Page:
During our marriage, my wife secretly had a separate checking account that I found out she put at least $74,000 in during our 18-year marriage without my knowledge.
First, let me preface my answer by stating that I am not licensed to practice law in the state of Missouri. The information in the article is general in nature. You should contact an attorney in your jurisdiction immediately to discuss your options. Cordell & Cordell does represent clients in Missouri.
Your question is about trying to count money your wife hid from you during your marriage as an asset in your divorce. There are two ways to classify property acquired during a marriage: community property or equitable distribution. In a community property state all property acquired during the marriage is divided equally (50/50). In an equitable distribution state (Missouri falls into this category), all property acquired during the marriage is divided “equitably,” or fairly. Not necessarily equally.
In states that use an equitable division of assets, there are several factors that the court looks at when splitting property. The factors include:
- The economic circumstances of each spouse;
- The contributions of each spouse to the acquisition of marital property, and contributions as a homemaker;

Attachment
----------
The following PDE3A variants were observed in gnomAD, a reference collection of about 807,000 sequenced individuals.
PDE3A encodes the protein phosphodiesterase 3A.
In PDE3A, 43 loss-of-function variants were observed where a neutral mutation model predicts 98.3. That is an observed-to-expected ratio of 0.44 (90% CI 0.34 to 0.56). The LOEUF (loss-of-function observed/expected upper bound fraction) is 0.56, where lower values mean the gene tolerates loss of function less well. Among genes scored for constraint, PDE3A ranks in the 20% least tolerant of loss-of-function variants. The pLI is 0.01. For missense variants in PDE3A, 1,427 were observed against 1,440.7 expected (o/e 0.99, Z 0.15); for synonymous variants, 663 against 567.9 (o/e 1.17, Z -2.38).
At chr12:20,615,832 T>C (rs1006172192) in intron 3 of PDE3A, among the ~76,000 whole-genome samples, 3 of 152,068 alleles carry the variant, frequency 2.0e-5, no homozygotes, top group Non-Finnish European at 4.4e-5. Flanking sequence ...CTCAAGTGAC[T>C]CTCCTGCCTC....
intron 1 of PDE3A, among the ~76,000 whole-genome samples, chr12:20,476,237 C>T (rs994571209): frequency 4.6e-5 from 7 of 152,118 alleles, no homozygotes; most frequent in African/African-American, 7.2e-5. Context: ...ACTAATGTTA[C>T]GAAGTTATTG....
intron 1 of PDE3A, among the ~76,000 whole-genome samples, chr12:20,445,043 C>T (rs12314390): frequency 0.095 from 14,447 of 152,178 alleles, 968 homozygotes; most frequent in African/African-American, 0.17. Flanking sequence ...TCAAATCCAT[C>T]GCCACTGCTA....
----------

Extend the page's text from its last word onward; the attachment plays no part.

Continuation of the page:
- The value of any non-marital property either spouse has;
- The conduct of the parties during the marriage; and
- Child custody arrangements.
It is likely that you cannot bring those funds back into the divorce settlement. What is gone is gone. But that does not change the fact that she earned that money, or that she hid it from you for such a long period of time. Your wife’s conduct can be taken into consideration when the judge decides what an “equitable” split of your assets will be.
Additionally, the fact that she hid the money from you does not mean that her total income will be affected. She earned a higher income than what you were aware of. This information should assist your attorney in helping you get a larger share of the marital assets, or at least quash her claims that she needs a larger share. Her conduct could also assist you in arguing that she should not be entitled to spousal support or alimony, if she is asking for it.
You should contact an attorney who is licensed in Missouri to further discuss the specifics of your situation. Cordell & Cordell does represent clients in Missouri. Thank you for submitting your question.
Jill A. Duffy is an Associate Attorney in the Troy, Mich., office of Cordell & Cordell. She is licensed to practice in the state of Michigan. Ms. Duffy received her BA in Psychology and Spanish and graduated Magna Cum Laude from Oakland University. She received her Juris Doctor from Michigan State University College of Law and graduated Magna Cum Laude.